Emergency medicine practice, August 2015, Vol.17(8), pp.1-19; quiz 20
Allergic reactions and anaphylaxis are potentially life-threatening processes that present with a variety of clinical symptoms. Emergency clinicians must be able to recognize these presentations and make prompt clinical decisions regarding management of a patient's airway, treatment options, and disposition of a patient who improves after initial presentation. Furthermore, emergency clinicians may be faced with patients who have atypical presentations or require special consideration, such as high-risk patients with comorbid conditions and patients who do not respond to first-line treatments. An increasing number of patients in the United States carry allergy diagnoses, and it is expected that this subset of the population will continue to seek care in the emergency department. This review assesses the research and evidence on the diagnosis, etiology, and treatment of anaphylaxis, as well as the utilization of epinephrine, both in and out of the hospital setting.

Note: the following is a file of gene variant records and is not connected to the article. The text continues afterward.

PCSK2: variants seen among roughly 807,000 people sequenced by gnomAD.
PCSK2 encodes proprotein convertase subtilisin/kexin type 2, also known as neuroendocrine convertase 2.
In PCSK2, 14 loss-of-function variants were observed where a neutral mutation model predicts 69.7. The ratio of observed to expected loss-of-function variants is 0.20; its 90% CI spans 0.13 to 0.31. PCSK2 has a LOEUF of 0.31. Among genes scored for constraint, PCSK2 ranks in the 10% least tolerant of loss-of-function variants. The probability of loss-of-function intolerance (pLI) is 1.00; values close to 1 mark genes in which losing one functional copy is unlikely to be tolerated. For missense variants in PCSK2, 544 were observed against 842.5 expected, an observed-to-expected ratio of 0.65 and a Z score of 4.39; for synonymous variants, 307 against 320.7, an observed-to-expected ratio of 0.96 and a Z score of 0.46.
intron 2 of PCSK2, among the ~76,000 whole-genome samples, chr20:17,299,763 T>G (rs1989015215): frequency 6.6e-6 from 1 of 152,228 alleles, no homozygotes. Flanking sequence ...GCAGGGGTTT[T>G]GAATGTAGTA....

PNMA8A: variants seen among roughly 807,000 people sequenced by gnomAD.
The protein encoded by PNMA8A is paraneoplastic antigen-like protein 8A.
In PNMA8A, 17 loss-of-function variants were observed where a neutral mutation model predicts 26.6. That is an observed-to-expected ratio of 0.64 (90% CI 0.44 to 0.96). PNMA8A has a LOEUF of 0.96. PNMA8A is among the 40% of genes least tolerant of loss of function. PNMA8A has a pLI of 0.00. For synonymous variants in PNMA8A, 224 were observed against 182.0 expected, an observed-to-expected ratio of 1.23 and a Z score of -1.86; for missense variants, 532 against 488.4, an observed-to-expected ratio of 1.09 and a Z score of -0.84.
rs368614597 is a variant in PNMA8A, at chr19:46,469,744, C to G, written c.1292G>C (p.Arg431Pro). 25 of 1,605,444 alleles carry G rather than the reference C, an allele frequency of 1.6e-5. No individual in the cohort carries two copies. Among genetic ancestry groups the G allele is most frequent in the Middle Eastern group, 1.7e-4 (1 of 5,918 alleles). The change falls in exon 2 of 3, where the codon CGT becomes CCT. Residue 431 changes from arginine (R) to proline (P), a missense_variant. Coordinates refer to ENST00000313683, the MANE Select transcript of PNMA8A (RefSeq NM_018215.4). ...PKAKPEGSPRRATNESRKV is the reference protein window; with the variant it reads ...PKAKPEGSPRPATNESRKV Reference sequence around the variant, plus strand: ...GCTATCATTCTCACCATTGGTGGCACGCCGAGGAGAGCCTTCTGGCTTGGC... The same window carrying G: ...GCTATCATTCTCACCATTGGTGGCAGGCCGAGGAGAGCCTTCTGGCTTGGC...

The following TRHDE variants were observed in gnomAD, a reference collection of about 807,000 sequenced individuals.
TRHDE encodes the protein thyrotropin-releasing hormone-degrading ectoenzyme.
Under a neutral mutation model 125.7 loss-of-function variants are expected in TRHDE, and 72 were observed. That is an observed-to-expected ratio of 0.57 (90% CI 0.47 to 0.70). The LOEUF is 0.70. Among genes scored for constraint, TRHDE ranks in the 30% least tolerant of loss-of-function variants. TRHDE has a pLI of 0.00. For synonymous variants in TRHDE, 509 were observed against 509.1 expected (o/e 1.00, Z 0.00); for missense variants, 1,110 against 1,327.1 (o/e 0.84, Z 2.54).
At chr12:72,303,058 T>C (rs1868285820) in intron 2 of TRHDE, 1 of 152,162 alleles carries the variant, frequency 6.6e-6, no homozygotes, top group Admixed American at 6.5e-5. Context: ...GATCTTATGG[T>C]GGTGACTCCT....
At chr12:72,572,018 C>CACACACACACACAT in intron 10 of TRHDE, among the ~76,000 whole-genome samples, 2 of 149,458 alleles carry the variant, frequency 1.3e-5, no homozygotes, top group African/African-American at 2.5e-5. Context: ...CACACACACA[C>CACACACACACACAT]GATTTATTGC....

Emergency Service, Hospital ; Anaphylaxis -- Etiology
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